Reprocessing #1: MODIS/Aqua f/Q Normalization

The f/Q correction accounts for the spectrally-dependent, non-isotropic structure of the subsurface light field, which is not addressed in other bidirectional reflectance corrections (see also the Gothic-R term described in Morel et al. 2002). The f/Q correction depends on sensor and solar zenith angles, their relative azimuth angle, and in-water constituents. With regards to the latter, Case-1 conditions are implied and the chlorophyll concentration is used to approximate the marine inherent optical properties (e.g., the volume scattering function). Please refer to Morel et al. 2002 (and references therein) and the OBPG BRDF Evaluation Web page for additional details and analyses.

Questions for Consideration

Are satellite-retrieved chl concentrations of adequate quality to correct the radiances? One simple analysis suggests that variation of +10 and +25% in retrieved chl changes the f/Q correction factor by -0.5 and -1.5%, respectively.
Is the chl range with which the f/Q model was derived appropriate for global application? If applied globally, how are Case 2, high chl Case 1, and turbid areas affected? How well does the model interact with the current NIR correction?
Is the existing suite of wavelengths with which the f/Q model was derived (MERIS) sufficient for application to SeaWiFS and MODIS? Is interpolating between wavelengths adequate?
Even if the correction improves satellite comparisons at Level-3, does the community want the correction applied full time (e.g., distributed Level-2 products)?

Evaluation Results

The observations made in the table below are highlights from selected analyses. The community is strongly encouraged to peruse the following complete analysis results:

The OBPG has compiled a very brief list of notable PROS and CONS for consideration.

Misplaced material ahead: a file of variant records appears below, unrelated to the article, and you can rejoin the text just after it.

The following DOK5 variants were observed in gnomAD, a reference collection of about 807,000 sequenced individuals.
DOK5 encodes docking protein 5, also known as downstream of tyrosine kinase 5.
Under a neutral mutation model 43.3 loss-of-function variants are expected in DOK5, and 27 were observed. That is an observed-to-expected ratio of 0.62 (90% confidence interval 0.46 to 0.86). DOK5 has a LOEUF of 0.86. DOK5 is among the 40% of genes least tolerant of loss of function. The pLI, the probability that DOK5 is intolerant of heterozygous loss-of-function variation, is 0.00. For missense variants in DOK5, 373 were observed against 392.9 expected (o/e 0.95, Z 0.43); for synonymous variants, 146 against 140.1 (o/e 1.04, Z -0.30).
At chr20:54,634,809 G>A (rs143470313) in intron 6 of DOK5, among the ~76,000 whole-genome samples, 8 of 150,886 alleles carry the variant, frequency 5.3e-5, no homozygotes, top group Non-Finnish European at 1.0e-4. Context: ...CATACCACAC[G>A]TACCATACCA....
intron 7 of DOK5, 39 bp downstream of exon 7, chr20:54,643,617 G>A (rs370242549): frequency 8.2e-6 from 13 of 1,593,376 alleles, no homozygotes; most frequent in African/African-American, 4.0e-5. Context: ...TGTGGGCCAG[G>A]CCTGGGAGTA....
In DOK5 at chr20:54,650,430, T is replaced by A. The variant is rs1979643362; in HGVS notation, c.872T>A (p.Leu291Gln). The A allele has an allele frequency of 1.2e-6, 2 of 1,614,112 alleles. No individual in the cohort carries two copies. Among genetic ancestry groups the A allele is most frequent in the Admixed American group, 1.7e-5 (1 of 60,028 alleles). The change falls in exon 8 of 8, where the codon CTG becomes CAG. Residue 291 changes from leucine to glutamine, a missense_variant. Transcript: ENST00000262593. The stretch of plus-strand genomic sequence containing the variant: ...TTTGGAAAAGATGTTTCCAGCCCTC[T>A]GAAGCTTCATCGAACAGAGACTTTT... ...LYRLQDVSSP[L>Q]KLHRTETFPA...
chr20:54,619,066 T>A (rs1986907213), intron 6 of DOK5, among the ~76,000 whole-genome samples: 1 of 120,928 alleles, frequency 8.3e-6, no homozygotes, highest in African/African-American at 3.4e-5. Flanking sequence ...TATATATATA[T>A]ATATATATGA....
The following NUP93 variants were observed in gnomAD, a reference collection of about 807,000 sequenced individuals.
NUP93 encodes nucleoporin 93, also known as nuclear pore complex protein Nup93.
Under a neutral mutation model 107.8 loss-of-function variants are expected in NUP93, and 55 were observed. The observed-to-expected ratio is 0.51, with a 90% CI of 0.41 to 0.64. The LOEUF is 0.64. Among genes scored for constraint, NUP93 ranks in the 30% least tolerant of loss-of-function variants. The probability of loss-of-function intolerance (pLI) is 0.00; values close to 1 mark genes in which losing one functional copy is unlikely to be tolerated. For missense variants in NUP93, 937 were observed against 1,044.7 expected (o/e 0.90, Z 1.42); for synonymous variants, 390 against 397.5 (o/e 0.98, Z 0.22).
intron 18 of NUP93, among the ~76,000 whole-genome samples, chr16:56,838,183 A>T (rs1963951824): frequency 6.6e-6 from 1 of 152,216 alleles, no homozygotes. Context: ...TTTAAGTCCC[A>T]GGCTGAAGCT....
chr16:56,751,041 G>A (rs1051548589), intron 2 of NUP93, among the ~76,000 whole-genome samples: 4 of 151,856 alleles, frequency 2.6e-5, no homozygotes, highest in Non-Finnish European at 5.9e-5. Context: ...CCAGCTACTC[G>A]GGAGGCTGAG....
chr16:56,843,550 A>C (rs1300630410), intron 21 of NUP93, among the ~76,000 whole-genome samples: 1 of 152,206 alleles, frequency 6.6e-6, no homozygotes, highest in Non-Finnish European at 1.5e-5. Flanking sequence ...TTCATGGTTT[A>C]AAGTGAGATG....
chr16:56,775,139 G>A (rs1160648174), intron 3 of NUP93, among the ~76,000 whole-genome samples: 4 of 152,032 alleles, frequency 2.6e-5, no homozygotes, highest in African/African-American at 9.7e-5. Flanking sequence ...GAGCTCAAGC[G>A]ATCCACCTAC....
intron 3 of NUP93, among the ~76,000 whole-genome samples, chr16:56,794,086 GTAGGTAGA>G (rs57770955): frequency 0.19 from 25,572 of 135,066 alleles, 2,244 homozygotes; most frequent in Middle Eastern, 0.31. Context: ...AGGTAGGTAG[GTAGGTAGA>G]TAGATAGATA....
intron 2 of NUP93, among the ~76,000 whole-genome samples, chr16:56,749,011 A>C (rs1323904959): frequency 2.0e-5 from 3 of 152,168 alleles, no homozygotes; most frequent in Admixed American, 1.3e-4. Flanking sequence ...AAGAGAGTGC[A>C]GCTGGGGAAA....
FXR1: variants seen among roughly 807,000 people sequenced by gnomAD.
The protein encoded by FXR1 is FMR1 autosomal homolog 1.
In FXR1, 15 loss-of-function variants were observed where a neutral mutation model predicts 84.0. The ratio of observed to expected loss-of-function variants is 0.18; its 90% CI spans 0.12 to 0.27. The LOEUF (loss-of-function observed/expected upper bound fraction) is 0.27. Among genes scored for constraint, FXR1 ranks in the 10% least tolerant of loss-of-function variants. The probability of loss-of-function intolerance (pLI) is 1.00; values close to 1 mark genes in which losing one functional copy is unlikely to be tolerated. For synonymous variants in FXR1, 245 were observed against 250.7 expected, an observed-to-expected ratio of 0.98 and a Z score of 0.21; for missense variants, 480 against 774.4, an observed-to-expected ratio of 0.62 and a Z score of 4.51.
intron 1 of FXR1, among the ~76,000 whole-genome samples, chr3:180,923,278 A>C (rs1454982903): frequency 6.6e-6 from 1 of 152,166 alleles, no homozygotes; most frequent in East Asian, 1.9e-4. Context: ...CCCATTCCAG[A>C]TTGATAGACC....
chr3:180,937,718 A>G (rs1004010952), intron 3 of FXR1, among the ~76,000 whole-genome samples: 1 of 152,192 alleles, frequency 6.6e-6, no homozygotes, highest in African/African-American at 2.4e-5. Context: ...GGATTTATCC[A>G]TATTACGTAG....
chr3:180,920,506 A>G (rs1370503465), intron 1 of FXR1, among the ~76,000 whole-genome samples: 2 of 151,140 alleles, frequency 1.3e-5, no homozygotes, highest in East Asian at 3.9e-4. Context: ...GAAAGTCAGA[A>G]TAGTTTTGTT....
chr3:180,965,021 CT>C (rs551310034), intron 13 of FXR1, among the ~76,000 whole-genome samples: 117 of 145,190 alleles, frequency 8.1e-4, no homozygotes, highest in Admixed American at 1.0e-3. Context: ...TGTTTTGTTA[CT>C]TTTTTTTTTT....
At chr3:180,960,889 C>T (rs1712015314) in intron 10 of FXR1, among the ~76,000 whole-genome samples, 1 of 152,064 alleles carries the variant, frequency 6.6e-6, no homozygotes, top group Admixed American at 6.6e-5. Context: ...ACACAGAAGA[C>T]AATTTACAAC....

PROS CONS
a theoretical need for the additional normalization limited Case 1 water model design
convergence of SeaWiFS and MODIS-Aqua level-3 time series undesirable operation, modifies Lw using modeled chl
few visual inconsistencies in level-2 files paucity of level-2 verification analyses
paucity of peer-reviewed alternatives inability of community to verify model in the field
improved residual scan dependence

Highlighted observations

In theory, for the most extreme sensor and solar geometries, the f/Q correction will modify radiances by -40 to 10%. In reality, MODIS/Aqua radiances would be modified by -10 to 5%.
Level-2 validation results for radiances and chlorophyll are statistically similar with and without the correction, although field data for this activity is sparse.
Residual seasonality in the open ocean MODIS/Aqua-SeaWiFS time series comparisons removed. Significant bias to water-leaving radiances in coastal subset introduced.
Overall improvement in the open ocean MODIS/Aqua-SeaWiFS latitudinal comparison with the correction applied. Significant latitudinal bias evident without the f/Q correction.

Additional comments

Field data used in calibration and validation activites also require application of this correction. Similarly, existing empirical chl algorithms do not have corrected radiances, although one simple analysis suggests the resulting uncertainty is minimal.

References

Morel, A., and B. Gentilli, 1996: Diffuse reflectance of oceanic waters. III. Implication of bidirectionality for the remote-sensing problem. Appl. Opt., 35, 4850-4862

Morel, A., D. Antoine, and B. Gentilli, 2002: Bidirectional reflectance of oceanic waters: accounting for Raman emission and varying particle scattering phase function. Appl. Opt., 41, 6289-6306

18 January 2005, P. Jeremy Werdell, NASA Ocean Biology Processing Group, SSAI